16 February 2010

Gordon Brown's dirty dozen (as confessed to Piers Morgan)

Having commented in previous posts on Gordon Brown's inability to answer questions in interviews (HERE & HERE) and his tendency to pack far too much information into his speeches (e.g. HERE), I suppose I should give him points for slight improvement on both counts in his encounter with Piers Morgan.

But, about half-way through the interview, he reverted to type when asked about the delicate matter of his relationship with Tony Blair after the Labour party leadership became vacant on the death of John Smith in 1994 (and after Blair had become leader and won three general elections).

A thin slice of meat
Although it was arguably the most revealing part of the whole show, this short sequence of less than four minutes (see below) doesn't seem to have attracted much attention - perhaps because it was such a thin slice of meat that some deft editing had sandwiched between the early banter about student days, wine women and song, etc. and the later harrowing sequence about the death of Brown's infant daughter.

Or maybe it wasn't picked up on because it merely repeated what everyone had already known (or at least suspected) for well over a decade.

After much laughing and giggling in the first half hour, Gordon's smiles suddenly disappear for a good three minutes before he managed another one - which only comes when Morgan turns to the "big rows" alleged to have taken place between him and Tony Blair - that had the effect of restoring the jocularity in time for the last 40 seconds before the commercial break to be conveniently rounded off in an amiable mood of good humour.

The Dirty Dozen
But, in a mere 3 minutes and 40 seconds, Brown had managed to make 12 points that confirm the worst fears of anyone who might worry about the character of a man who so resented the success of his charismatic colleague that he spent the best part of 16 years sulking about it:

1. Brown did believe that he, rather than Blair, would be and should have been the next Labour leader after John Smith.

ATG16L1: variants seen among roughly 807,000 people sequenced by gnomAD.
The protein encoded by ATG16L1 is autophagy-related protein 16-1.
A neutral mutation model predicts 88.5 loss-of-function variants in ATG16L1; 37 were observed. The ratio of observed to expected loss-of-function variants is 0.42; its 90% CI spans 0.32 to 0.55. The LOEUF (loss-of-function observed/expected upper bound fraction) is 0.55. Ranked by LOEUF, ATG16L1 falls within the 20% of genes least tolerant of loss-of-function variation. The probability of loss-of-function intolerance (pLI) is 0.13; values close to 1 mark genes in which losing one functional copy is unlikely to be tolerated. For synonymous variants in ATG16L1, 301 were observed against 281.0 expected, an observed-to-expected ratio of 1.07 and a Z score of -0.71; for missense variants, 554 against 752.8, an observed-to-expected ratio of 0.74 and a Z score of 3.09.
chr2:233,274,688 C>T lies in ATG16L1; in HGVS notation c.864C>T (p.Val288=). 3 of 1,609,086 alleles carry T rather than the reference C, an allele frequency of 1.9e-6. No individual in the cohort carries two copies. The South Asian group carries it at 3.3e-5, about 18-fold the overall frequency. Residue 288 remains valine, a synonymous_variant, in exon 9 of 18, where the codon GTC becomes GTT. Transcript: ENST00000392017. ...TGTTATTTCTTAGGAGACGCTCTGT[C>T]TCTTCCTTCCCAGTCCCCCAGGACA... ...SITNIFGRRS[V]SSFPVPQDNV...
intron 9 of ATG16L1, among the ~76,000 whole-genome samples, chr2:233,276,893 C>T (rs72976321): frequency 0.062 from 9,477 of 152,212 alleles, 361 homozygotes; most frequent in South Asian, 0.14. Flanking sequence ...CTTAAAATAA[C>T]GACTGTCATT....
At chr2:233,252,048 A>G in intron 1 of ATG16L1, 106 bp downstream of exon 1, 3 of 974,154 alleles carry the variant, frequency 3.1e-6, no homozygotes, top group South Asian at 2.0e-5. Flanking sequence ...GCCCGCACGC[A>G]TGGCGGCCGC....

2. He was angry that Blair won, but "got over it pretty quickly" (er- 14 years later?)
3. He found it painful.
4. There was no deal between him and Blair at the Islington restaurant (but actually there was a deal that had been agreed elsewhere).
5. Blair had agreed to stand down and support Brown "w- when that was the case".
6. It was up to Blair to decide when to deliver on the deal.
7. He "has to remember" that Blair had won a general election (er- 3 actually) whereas he hadn't.
8. They did have fights that caused tension.
9. It's good to be open and honest that there were disagreements about certain things (!?).
10. In spite of all that, they "managed" to "get things sorted out".

After 3 minutes, we get Brown's first smile, which prompts Morgan to switch to a lighter mood, during which we learn:

11. Brown never actually threw anything at Blair.
12. He had been been tempted to do so.

video

(Historical/comparative footnote: you can watch some action replays of Mrs Thatcher in a chat show in 1983 here).

2 comments:

Anonymous said...

Look Tony, you might not know this, but John has died, we have got to sort this out.

It would appear that within minutes of John Smiths death, the succession to the leadership was on Browns mind - before Blair may have even know he had died.

No wonder he was bitter when it went to Blair!

Max Atkinson said...

Yes, but the big question is: does he really believe that the party would have won a landslide victory in 1997, let alone two more victories if he, rather than Blair had been leader?

I very much doubt that they would have done. What's more, I'd been recommending Blair, rather than Smith, to succeed Kinnock - mainly on the grounds that I'd already been so impressed by his speaking & communication skills.

There's another post on why, 6 years ago, I thought Labour would be unwise to replace Blair with Brown here: http://bit.ly/7j53iq

And, when Blair did finally go, the smartest thing Brown could have done would have been to pass the torch to the next generation (Milibands, etc.) on the grounds that he wanted to spend more time with his (very young) family, which would have been perfectly understandable, given that one of his children has a very nasty illness.

That way, he would have gone down in history as a thoroughly admirable/honorable chap who was willing to put country before party and family before personal ambition - after which he could have graduated to become a much respected elder statesman - rather than being remembered as a ditherer who seriously damaged his his party by failing to call an early election that they'd almost certainly have won.